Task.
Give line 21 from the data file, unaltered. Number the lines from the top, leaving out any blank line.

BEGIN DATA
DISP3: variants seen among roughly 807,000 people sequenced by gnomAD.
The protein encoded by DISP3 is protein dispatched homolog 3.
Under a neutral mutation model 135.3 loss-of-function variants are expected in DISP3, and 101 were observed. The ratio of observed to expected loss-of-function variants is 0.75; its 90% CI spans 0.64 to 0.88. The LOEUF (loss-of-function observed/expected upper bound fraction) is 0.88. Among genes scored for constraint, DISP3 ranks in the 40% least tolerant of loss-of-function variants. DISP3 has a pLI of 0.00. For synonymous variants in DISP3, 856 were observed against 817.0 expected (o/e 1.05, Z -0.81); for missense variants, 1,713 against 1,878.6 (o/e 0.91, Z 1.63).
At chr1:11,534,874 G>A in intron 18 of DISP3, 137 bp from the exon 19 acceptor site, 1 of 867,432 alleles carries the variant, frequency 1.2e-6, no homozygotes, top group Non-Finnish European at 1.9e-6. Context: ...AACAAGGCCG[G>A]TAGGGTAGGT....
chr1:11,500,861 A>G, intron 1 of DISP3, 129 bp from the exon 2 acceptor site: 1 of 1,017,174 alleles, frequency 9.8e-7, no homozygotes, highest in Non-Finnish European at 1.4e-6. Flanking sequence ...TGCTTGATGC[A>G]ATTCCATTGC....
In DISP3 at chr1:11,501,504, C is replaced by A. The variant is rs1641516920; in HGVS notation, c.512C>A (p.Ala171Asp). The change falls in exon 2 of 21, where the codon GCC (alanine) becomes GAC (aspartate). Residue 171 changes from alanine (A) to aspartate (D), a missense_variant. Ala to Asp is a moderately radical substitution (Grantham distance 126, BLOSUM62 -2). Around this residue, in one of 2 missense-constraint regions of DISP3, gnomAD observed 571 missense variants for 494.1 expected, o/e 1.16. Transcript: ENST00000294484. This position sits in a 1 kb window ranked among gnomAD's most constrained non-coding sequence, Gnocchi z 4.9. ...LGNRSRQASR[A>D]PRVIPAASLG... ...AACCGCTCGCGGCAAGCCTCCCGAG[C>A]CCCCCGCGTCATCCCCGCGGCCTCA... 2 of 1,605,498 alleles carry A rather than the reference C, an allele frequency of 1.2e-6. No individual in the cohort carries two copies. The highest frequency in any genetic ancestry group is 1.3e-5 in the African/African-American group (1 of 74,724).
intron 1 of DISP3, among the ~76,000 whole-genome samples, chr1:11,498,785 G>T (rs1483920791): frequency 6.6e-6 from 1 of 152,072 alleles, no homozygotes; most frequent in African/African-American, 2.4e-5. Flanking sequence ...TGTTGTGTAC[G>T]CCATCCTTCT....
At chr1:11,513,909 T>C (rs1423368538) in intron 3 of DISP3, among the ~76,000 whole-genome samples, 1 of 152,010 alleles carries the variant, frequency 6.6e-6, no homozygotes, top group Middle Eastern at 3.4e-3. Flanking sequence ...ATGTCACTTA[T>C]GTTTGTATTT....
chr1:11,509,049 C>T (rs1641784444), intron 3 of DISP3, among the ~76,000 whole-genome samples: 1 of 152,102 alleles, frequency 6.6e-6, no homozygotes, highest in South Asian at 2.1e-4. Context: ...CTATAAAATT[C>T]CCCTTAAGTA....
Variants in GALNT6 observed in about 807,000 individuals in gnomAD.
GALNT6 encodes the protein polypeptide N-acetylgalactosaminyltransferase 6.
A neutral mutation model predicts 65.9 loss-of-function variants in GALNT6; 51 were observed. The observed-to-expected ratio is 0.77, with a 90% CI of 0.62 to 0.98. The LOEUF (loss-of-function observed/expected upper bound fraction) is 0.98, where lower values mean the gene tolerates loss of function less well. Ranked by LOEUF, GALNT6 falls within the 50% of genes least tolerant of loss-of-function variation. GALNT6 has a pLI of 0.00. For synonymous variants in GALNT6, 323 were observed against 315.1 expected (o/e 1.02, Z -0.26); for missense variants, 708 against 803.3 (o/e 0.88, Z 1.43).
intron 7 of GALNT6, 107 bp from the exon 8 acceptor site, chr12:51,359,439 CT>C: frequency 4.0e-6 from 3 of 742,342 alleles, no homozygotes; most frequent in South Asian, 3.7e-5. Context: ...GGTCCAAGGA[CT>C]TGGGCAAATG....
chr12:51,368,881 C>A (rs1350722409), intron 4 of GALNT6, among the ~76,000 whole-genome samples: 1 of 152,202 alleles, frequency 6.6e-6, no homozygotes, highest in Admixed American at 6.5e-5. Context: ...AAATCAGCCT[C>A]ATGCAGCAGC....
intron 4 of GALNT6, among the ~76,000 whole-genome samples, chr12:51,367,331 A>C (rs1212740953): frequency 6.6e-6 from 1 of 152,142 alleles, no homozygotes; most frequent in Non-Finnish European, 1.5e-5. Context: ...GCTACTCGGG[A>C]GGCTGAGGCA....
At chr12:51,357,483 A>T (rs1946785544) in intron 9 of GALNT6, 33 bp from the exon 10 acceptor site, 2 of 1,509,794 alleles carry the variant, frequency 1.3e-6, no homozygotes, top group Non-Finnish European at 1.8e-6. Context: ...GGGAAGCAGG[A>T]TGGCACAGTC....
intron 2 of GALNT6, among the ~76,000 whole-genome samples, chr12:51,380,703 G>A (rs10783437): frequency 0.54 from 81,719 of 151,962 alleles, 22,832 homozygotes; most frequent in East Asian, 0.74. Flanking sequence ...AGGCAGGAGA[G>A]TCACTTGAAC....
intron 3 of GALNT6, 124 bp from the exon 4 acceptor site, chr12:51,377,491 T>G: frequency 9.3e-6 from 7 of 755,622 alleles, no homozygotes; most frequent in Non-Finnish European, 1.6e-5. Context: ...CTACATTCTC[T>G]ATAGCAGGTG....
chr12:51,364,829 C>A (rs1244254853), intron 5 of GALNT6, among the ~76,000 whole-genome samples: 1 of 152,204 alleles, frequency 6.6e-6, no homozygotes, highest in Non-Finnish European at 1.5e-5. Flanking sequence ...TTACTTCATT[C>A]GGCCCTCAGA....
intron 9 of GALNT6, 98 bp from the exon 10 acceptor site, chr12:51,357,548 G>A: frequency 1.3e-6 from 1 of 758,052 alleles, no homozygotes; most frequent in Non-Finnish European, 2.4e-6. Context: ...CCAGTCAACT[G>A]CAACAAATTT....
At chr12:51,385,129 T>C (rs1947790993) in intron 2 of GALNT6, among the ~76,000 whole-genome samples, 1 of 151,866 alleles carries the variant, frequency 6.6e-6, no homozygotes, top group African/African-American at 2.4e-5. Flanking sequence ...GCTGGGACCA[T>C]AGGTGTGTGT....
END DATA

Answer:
At chr12:51,385,129 T>C (rs1947790993) in intron 2 of GALNT6, among the ~76,000 whole-genome samples, 1 of 151,866 alleles carries the variant, frequency 6.6e-6, no homozygotes, top group African/African-American at 2.4e-5. Flanking sequence ...GCTGGGACCA[T>C]AGGTGTGTGT....